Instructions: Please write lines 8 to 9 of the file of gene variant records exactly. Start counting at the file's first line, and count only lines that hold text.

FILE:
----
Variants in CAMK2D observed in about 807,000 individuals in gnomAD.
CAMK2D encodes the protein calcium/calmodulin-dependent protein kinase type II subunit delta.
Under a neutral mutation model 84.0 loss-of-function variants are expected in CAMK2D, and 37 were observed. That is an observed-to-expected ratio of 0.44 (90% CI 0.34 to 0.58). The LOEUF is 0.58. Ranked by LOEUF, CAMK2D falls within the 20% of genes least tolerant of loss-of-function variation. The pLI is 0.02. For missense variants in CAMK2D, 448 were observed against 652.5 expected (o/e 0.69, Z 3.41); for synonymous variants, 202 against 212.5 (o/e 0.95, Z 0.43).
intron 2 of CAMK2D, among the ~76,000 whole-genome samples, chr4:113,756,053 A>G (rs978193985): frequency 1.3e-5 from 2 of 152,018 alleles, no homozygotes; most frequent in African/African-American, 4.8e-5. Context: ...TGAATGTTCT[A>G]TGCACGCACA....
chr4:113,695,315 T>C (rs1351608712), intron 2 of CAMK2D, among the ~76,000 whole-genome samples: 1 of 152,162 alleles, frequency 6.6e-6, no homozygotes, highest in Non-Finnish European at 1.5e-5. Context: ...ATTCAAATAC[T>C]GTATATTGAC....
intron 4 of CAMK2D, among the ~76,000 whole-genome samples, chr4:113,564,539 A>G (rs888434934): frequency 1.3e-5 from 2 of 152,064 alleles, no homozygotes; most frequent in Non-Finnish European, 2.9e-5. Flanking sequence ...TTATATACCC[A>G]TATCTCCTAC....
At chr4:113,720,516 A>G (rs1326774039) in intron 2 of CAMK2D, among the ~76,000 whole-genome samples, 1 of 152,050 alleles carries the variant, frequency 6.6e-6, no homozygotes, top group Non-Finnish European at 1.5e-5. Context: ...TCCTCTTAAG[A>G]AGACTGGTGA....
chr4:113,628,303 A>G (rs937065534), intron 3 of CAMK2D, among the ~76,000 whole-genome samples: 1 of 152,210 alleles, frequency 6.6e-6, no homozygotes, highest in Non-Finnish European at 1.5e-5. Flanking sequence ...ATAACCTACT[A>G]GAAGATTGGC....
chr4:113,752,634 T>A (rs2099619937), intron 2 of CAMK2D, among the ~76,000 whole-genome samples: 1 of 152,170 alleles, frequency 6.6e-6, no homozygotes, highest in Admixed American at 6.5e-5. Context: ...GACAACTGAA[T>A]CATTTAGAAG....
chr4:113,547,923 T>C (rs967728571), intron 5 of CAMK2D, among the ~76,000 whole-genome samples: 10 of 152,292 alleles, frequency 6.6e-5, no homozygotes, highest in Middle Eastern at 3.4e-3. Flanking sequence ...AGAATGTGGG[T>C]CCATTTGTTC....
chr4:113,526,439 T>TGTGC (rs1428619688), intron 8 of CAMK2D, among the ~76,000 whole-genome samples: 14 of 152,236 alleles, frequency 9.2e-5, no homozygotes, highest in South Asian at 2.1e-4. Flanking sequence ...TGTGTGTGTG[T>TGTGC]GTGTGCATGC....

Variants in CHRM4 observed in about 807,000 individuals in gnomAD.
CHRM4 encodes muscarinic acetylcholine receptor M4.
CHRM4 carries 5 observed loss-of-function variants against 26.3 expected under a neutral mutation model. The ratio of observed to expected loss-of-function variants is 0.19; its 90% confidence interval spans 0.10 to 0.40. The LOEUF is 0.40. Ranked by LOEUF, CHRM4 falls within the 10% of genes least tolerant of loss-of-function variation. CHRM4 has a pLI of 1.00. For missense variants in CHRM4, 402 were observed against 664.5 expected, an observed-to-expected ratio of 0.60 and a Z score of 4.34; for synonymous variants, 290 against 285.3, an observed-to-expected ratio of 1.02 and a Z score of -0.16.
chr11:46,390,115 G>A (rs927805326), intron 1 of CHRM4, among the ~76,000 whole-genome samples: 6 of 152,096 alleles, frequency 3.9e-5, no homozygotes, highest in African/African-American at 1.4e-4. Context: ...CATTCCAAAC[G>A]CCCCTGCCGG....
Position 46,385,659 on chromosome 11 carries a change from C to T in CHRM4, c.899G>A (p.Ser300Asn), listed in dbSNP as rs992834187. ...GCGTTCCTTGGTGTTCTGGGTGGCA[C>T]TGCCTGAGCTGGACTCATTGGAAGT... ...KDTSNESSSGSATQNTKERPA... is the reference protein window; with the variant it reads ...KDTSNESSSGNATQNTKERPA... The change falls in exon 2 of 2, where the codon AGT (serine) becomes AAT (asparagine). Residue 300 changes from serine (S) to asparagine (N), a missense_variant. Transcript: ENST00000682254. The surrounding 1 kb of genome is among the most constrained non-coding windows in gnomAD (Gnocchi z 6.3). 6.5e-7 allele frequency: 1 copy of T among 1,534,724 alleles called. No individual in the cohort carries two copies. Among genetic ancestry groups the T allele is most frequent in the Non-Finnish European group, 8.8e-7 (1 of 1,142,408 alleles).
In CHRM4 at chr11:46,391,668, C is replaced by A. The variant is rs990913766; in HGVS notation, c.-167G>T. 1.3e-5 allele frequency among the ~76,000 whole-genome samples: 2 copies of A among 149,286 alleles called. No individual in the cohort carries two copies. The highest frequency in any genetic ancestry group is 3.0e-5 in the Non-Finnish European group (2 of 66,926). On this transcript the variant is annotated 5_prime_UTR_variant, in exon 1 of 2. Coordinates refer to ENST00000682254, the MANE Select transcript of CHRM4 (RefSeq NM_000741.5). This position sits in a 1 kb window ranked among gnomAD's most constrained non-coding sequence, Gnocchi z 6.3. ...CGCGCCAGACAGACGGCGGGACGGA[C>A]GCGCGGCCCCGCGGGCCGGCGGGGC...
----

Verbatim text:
chr4:113,628,303 A>G (rs937065534), intron 3 of CAMK2D, among the ~76,000 whole-genome samples: 1 of 152,210 alleles, frequency 6.6e-6, no homozygotes, highest in Non-Finnish European at 1.5e-5. Flanking sequence ...ATAACCTACT[A>G]GAAGATTGGC....
chr4:113,752,634 T>A (rs2099619937), intron 2 of CAMK2D, among the ~76,000 whole-genome samples: 1 of 152,170 alleles, frequency 6.6e-6, no homozygotes, highest in Admixed American at 6.5e-5. Context: ...GACAACTGAA[T>A]CATTTAGAAG....